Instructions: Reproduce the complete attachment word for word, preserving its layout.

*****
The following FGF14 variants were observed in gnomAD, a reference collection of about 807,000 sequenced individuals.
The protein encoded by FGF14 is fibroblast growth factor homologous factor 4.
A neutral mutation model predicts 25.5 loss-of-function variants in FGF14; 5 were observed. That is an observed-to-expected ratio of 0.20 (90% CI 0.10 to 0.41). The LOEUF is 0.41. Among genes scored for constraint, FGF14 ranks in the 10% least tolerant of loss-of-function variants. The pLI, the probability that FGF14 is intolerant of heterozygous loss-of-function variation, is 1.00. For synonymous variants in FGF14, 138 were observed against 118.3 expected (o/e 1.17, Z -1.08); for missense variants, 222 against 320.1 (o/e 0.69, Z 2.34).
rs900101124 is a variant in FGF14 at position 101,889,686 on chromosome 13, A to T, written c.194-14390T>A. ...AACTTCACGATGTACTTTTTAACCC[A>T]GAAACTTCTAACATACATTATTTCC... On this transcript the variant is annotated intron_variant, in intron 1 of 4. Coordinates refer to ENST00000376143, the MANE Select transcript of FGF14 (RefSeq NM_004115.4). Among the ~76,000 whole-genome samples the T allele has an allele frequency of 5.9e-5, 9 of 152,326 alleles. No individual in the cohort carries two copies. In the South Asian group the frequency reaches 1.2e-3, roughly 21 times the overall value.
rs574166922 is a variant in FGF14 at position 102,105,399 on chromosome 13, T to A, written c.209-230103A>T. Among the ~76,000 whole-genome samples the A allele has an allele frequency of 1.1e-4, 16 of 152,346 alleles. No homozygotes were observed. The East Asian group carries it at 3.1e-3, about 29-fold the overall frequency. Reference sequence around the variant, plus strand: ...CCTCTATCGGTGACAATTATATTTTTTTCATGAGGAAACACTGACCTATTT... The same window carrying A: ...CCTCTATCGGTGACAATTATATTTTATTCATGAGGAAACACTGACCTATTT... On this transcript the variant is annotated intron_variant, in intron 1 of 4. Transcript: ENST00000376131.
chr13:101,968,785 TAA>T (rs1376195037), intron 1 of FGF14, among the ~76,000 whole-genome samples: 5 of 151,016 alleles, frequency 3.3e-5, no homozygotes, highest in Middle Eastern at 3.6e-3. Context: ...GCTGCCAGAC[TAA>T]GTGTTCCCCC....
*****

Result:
The following FGF14 variants were observed in gnomAD, a reference collection of about 807,000 sequenced individuals.
The protein encoded by FGF14 is fibroblast growth factor homologous factor 4.
A neutral mutation model predicts 25.5 loss-of-function variants in FGF14; 5 were observed. That is an observed-to-expected ratio of 0.20 (90% CI 0.10 to 0.41). The LOEUF is 0.41. Among genes scored for constraint, FGF14 ranks in the 10% least tolerant of loss-of-function variants. The pLI, the probability that FGF14 is intolerant of heterozygous loss-of-function variation, is 1.00. For synonymous variants in FGF14, 138 were observed against 118.3 expected (o/e 1.17, Z -1.08); for missense variants, 222 against 320.1 (o/e 0.69, Z 2.34).
rs900101124 is a variant in FGF14 at position 101,889,686 on chromosome 13, A to T, written c.194-14390T>A. ...AACTTCACGATGTACTTTTTAACCC[A>T]GAAACTTCTAACATACATTATTTCC... On this transcript the variant is annotated intron_variant, in intron 1 of 4. Coordinates refer to ENST00000376143, the MANE Select transcript of FGF14 (RefSeq NM_004115.4). Among the ~76,000 whole-genome samples the T allele has an allele frequency of 5.9e-5, 9 of 152,326 alleles. No individual in the cohort carries two copies. In the South Asian group the frequency reaches 1.2e-3, roughly 21 times the overall value.
rs574166922 is a variant in FGF14 at position 102,105,399 on chromosome 13, T to A, written c.209-230103A>T. Among the ~76,000 whole-genome samples the A allele has an allele frequency of 1.1e-4, 16 of 152,346 alleles. No homozygotes were observed. The East Asian group carries it at 3.1e-3, about 29-fold the overall frequency. Reference sequence around the variant, plus strand: ...CCTCTATCGGTGACAATTATATTTTTTTCATGAGGAAACACTGACCTATTT... The same window carrying A: ...CCTCTATCGGTGACAATTATATTTTATTCATGAGGAAACACTGACCTATTT... On this transcript the variant is annotated intron_variant, in intron 1 of 4. Transcript: ENST00000376131.
chr13:101,968,785 TAA>T (rs1376195037), intron 1 of FGF14, among the ~76,000 whole-genome samples: 5 of 151,016 alleles, frequency 3.3e-5, no homozygotes, highest in Middle Eastern at 3.6e-3. Context: ...GCTGCCAGAC[TAA>T]GTGTTCCCCC....